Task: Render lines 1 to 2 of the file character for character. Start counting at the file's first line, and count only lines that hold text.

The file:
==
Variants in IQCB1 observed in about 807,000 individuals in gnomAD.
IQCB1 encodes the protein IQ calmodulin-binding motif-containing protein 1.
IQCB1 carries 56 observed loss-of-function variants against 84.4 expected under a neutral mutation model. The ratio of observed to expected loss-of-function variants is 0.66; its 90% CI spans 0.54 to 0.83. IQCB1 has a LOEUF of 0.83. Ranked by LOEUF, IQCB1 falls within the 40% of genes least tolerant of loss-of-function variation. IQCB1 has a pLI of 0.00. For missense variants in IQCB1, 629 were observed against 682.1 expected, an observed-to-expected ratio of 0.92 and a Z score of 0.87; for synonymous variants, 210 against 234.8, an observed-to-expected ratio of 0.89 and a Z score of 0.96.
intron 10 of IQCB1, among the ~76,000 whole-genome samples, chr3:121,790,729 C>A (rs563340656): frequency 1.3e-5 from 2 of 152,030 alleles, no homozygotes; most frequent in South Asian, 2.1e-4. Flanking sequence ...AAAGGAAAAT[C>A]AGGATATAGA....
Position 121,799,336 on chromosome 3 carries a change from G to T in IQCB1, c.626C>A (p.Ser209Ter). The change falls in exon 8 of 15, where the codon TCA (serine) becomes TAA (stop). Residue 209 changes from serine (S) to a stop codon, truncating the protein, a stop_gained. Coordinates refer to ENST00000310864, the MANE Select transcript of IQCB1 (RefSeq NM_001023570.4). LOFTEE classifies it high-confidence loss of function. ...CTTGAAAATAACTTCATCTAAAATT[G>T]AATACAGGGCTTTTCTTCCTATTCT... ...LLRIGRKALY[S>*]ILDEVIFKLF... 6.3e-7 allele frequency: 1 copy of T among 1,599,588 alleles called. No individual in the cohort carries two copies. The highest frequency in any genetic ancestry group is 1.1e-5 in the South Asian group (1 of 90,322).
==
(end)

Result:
Variants in IQCB1 observed in about 807,000 individuals in gnomAD.
IQCB1 encodes the protein IQ calmodulin-binding motif-containing protein 1.